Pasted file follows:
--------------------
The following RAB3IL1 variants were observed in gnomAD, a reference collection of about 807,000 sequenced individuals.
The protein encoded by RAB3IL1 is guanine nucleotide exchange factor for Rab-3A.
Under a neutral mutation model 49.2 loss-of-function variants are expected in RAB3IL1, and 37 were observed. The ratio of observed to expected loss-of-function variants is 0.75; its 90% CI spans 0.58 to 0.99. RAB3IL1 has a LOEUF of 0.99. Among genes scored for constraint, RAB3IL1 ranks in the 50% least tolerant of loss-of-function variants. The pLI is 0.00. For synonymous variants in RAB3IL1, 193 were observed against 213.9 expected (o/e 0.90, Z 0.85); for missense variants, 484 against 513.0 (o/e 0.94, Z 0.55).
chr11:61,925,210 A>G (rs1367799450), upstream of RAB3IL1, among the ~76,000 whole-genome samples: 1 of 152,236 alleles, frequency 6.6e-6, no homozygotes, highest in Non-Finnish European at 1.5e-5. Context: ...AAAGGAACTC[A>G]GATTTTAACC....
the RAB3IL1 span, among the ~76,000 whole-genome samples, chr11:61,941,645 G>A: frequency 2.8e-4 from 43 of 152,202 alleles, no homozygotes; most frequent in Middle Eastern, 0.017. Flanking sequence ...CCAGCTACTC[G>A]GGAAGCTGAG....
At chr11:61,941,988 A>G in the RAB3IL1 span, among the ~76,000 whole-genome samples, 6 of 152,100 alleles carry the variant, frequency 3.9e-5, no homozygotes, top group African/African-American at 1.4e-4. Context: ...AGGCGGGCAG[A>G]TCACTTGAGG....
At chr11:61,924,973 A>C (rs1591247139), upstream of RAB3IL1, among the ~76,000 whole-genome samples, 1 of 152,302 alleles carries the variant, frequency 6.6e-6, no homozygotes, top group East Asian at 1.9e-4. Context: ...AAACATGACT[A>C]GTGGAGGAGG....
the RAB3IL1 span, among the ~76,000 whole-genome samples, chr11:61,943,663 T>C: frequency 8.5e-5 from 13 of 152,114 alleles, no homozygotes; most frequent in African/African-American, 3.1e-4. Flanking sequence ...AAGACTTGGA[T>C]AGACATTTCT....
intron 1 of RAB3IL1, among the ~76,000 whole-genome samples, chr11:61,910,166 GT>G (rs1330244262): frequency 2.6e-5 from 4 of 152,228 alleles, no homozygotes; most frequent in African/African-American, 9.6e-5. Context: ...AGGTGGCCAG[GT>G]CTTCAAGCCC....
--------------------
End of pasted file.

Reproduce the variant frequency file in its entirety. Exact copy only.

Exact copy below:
The following RAB3IL1 variants were observed in gnomAD, a reference collection of about 807,000 sequenced individuals.
The protein encoded by RAB3IL1 is guanine nucleotide exchange factor for Rab-3A.
Under a neutral mutation model 49.2 loss-of-function variants are expected in RAB3IL1, and 37 were observed. The ratio of observed to expected loss-of-function variants is 0.75; its 90% CI spans 0.58 to 0.99. RAB3IL1 has a LOEUF of 0.99. Among genes scored for constraint, RAB3IL1 ranks in the 50% least tolerant of loss-of-function variants. The pLI is 0.00. For synonymous variants in RAB3IL1, 193 were observed against 213.9 expected (o/e 0.90, Z 0.85); for missense variants, 484 against 513.0 (o/e 0.94, Z 0.55).
chr11:61,925,210 A>G (rs1367799450), upstream of RAB3IL1, among the ~76,000 whole-genome samples: 1 of 152,236 alleles, frequency 6.6e-6, no homozygotes, highest in Non-Finnish European at 1.5e-5. Context: ...AAAGGAACTC[A>G]GATTTTAACC....
the RAB3IL1 span, among the ~76,000 whole-genome samples, chr11:61,941,645 G>A: frequency 2.8e-4 from 43 of 152,202 alleles, no homozygotes; most frequent in Middle Eastern, 0.017. Flanking sequence ...CCAGCTACTC[G>A]GGAAGCTGAG....
At chr11:61,941,988 A>G in the RAB3IL1 span, among the ~76,000 whole-genome samples, 6 of 152,100 alleles carry the variant, frequency 3.9e-5, no homozygotes, top group African/African-American at 1.4e-4. Context: ...AGGCGGGCAG[A>G]TCACTTGAGG....
At chr11:61,924,973 A>C (rs1591247139), upstream of RAB3IL1, among the ~76,000 whole-genome samples, 1 of 152,302 alleles carries the variant, frequency 6.6e-6, no homozygotes, top group East Asian at 1.9e-4. Context: ...AAACATGACT[A>C]GTGGAGGAGG....
the RAB3IL1 span, among the ~76,000 whole-genome samples, chr11:61,943,663 T>C: frequency 8.5e-5 from 13 of 152,114 alleles, no homozygotes; most frequent in African/African-American, 3.1e-4. Flanking sequence ...AAGACTTGGA[T>C]AGACATTTCT....
intron 1 of RAB3IL1, among the ~76,000 whole-genome samples, chr11:61,910,166 GT>G (rs1330244262): frequency 2.6e-5 from 4 of 152,228 alleles, no homozygotes; most frequent in African/African-American, 9.6e-5. Context: ...AGGTGGCCAG[GT>G]CTTCAAGCCC....